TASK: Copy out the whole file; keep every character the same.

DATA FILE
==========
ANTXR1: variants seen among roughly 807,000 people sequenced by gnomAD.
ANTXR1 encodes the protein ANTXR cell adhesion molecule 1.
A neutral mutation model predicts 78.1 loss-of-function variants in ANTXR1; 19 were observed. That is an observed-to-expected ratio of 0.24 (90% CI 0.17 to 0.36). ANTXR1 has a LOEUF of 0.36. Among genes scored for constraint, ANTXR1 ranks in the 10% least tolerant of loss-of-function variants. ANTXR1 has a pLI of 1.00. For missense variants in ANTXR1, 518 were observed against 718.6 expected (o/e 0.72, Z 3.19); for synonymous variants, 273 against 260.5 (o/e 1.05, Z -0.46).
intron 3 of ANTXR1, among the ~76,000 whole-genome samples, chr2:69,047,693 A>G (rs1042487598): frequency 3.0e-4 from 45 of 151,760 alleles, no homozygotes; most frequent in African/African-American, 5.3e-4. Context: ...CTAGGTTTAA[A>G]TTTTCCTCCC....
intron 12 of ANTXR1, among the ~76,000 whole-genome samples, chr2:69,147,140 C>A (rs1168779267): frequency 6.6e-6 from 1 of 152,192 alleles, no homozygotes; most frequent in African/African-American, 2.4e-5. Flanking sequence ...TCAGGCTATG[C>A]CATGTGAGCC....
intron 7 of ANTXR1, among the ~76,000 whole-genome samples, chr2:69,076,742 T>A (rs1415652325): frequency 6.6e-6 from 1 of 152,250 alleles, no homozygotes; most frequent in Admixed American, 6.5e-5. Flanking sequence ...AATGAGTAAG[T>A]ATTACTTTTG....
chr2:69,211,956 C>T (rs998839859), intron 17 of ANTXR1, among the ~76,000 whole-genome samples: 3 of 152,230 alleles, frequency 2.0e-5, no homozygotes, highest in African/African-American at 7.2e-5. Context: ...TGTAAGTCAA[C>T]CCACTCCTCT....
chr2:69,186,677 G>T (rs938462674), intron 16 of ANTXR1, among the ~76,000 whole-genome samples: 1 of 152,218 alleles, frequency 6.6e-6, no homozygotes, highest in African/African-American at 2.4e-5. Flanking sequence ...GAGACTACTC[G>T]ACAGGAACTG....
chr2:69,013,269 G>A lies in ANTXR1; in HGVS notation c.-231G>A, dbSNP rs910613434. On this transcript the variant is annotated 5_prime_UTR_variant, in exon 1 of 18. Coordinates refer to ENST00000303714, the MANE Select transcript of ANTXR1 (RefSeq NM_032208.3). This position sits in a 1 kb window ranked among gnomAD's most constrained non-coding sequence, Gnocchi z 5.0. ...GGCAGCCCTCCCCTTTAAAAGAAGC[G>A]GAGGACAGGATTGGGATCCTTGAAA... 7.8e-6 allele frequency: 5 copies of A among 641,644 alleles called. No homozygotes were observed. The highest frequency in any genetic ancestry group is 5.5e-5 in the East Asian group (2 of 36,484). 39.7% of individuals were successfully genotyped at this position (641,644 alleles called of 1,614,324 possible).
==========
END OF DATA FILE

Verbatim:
ANTXR1: variants seen among roughly 807,000 people sequenced by gnomAD.
ANTXR1 encodes the protein ANTXR cell adhesion molecule 1.
A neutral mutation model predicts 78.1 loss-of-function variants in ANTXR1; 19 were observed. That is an observed-to-expected ratio of 0.24 (90% CI 0.17 to 0.36). ANTXR1 has a LOEUF of 0.36. Among genes scored for constraint, ANTXR1 ranks in the 10% least tolerant of loss-of-function variants. ANTXR1 has a pLI of 1.00. For missense variants in ANTXR1, 518 were observed against 718.6 expected (o/e 0.72, Z 3.19); for synonymous variants, 273 against 260.5 (o/e 1.05, Z -0.46).
intron 3 of ANTXR1, among the ~76,000 whole-genome samples, chr2:69,047,693 A>G (rs1042487598): frequency 3.0e-4 from 45 of 151,760 alleles, no homozygotes; most frequent in African/African-American, 5.3e-4. Context: ...CTAGGTTTAA[A>G]TTTTCCTCCC....
intron 12 of ANTXR1, among the ~76,000 whole-genome samples, chr2:69,147,140 C>A (rs1168779267): frequency 6.6e-6 from 1 of 152,192 alleles, no homozygotes; most frequent in African/African-American, 2.4e-5. Flanking sequence ...TCAGGCTATG[C>A]CATGTGAGCC....
intron 7 of ANTXR1, among the ~76,000 whole-genome samples, chr2:69,076,742 T>A (rs1415652325): frequency 6.6e-6 from 1 of 152,250 alleles, no homozygotes; most frequent in Admixed American, 6.5e-5. Flanking sequence ...AATGAGTAAG[T>A]ATTACTTTTG....
chr2:69,211,956 C>T (rs998839859), intron 17 of ANTXR1, among the ~76,000 whole-genome samples: 3 of 152,230 alleles, frequency 2.0e-5, no homozygotes, highest in African/African-American at 7.2e-5. Context: ...TGTAAGTCAA[C>T]CCACTCCTCT....
chr2:69,186,677 G>T (rs938462674), intron 16 of ANTXR1, among the ~76,000 whole-genome samples: 1 of 152,218 alleles, frequency 6.6e-6, no homozygotes, highest in African/African-American at 2.4e-5. Flanking sequence ...GAGACTACTC[G>T]ACAGGAACTG....
chr2:69,013,269 G>A lies in ANTXR1; in HGVS notation c.-231G>A, dbSNP rs910613434. On this transcript the variant is annotated 5_prime_UTR_variant, in exon 1 of 18. Coordinates refer to ENST00000303714, the MANE Select transcript of ANTXR1 (RefSeq NM_032208.3). This position sits in a 1 kb window ranked among gnomAD's most constrained non-coding sequence, Gnocchi z 5.0. ...GGCAGCCCTCCCCTTTAAAAGAAGC[G>A]GAGGACAGGATTGGGATCCTTGAAA... 7.8e-6 allele frequency: 5 copies of A among 641,644 alleles called. No homozygotes were observed. The highest frequency in any genetic ancestry group is 5.5e-5 in the East Asian group (2 of 36,484). 39.7% of individuals were successfully genotyped at this position (641,644 alleles called of 1,614,324 possible).